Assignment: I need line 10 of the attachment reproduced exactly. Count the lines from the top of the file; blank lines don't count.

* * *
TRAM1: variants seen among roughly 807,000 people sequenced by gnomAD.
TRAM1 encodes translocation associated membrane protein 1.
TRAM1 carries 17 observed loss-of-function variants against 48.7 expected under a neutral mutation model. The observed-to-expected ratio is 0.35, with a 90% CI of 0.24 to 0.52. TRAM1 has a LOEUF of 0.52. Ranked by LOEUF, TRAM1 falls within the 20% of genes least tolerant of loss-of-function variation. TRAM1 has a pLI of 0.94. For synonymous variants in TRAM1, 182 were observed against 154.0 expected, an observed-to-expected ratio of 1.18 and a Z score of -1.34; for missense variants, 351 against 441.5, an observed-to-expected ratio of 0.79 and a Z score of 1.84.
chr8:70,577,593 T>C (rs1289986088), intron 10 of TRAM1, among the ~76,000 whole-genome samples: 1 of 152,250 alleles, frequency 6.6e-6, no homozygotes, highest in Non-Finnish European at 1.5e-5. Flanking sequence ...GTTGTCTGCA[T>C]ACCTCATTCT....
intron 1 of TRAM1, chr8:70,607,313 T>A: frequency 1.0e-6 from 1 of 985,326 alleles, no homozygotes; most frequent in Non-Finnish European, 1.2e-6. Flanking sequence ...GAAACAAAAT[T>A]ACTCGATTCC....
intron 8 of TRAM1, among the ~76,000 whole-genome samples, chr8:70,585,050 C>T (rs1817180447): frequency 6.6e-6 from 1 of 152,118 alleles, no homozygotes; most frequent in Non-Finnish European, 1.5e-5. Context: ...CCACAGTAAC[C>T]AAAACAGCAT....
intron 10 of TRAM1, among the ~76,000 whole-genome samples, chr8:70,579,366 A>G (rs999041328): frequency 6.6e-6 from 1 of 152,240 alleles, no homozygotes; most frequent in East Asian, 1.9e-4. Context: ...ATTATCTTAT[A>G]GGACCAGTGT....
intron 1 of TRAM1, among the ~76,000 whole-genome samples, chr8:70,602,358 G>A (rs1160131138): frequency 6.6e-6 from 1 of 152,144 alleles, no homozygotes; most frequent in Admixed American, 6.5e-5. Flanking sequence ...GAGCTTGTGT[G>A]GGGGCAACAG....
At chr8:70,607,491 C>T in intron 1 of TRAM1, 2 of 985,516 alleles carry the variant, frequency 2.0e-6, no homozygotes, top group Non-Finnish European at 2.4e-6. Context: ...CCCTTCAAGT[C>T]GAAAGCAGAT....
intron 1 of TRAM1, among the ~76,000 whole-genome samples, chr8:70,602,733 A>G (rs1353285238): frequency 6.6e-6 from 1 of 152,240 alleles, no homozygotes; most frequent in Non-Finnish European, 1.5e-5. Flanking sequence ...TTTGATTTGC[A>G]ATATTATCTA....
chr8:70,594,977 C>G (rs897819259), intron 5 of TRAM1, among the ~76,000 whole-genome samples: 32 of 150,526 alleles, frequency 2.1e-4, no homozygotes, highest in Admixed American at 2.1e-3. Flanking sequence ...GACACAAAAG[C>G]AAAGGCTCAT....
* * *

intron 1 of TRAM1, among the ~76,000 whole-genome samples, chr8:70,602,733 A>G (rs1353285238): frequency 6.6e-6 from 1 of 152,240 alleles, no homozygotes; most frequent in Non-Finnish European, 1.5e-5. Flanking sequence ...TTTGATTTGC[A>G]ATATTATCTA....